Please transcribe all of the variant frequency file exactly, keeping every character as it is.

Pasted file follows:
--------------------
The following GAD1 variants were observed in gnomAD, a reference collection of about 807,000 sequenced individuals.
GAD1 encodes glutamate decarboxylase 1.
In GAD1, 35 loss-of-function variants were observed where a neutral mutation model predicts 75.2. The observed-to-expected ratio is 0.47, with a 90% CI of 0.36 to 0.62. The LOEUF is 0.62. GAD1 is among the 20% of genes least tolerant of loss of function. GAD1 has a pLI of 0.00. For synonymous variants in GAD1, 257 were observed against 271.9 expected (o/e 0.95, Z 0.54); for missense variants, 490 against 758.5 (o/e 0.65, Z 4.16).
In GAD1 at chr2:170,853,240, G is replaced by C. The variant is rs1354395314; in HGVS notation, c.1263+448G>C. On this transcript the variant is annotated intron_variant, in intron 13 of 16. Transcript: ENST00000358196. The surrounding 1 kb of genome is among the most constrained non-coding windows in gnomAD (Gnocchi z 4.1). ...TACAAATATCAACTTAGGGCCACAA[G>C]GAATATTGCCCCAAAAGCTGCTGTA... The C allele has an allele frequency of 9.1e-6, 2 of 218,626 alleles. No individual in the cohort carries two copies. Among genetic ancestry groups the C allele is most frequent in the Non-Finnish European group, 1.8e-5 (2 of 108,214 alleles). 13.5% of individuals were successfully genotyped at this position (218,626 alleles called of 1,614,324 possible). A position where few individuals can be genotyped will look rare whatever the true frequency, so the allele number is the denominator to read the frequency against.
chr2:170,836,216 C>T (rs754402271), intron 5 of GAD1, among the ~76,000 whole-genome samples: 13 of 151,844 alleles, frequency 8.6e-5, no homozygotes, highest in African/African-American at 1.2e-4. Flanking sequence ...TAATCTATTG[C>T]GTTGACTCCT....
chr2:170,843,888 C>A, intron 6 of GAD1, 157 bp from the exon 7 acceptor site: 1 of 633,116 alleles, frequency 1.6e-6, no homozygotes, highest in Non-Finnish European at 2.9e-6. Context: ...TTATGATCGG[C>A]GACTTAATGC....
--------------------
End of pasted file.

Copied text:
The following GAD1 variants were observed in gnomAD, a reference collection of about 807,000 sequenced individuals.
GAD1 encodes glutamate decarboxylase 1.
In GAD1, 35 loss-of-function variants were observed where a neutral mutation model predicts 75.2. The observed-to-expected ratio is 0.47, with a 90% CI of 0.36 to 0.62. The LOEUF is 0.62. GAD1 is among the 20% of genes least tolerant of loss of function. GAD1 has a pLI of 0.00. For synonymous variants in GAD1, 257 were observed against 271.9 expected (o/e 0.95, Z 0.54); for missense variants, 490 against 758.5 (o/e 0.65, Z 4.16).
In GAD1 at chr2:170,853,240, G is replaced by C. The variant is rs1354395314; in HGVS notation, c.1263+448G>C. On this transcript the variant is annotated intron_variant, in intron 13 of 16. Transcript: ENST00000358196. The surrounding 1 kb of genome is among the most constrained non-coding windows in gnomAD (Gnocchi z 4.1). ...TACAAATATCAACTTAGGGCCACAA[G>C]GAATATTGCCCCAAAAGCTGCTGTA... The C allele has an allele frequency of 9.1e-6, 2 of 218,626 alleles. No individual in the cohort carries two copies. Among genetic ancestry groups the C allele is most frequent in the Non-Finnish European group, 1.8e-5 (2 of 108,214 alleles). 13.5% of individuals were successfully genotyped at this position (218,626 alleles called of 1,614,324 possible). A position where few individuals can be genotyped will look rare whatever the true frequency, so the allele number is the denominator to read the frequency against.
chr2:170,836,216 C>T (rs754402271), intron 5 of GAD1, among the ~76,000 whole-genome samples: 13 of 151,844 alleles, frequency 8.6e-5, no homozygotes, highest in African/African-American at 1.2e-4. Flanking sequence ...TAATCTATTG[C>T]GTTGACTCCT....
chr2:170,843,888 C>A, intron 6 of GAD1, 157 bp from the exon 7 acceptor site: 1 of 633,116 alleles, frequency 1.6e-6, no homozygotes, highest in Non-Finnish European at 2.9e-6. Context: ...TTATGATCGG[C>A]GACTTAATGC....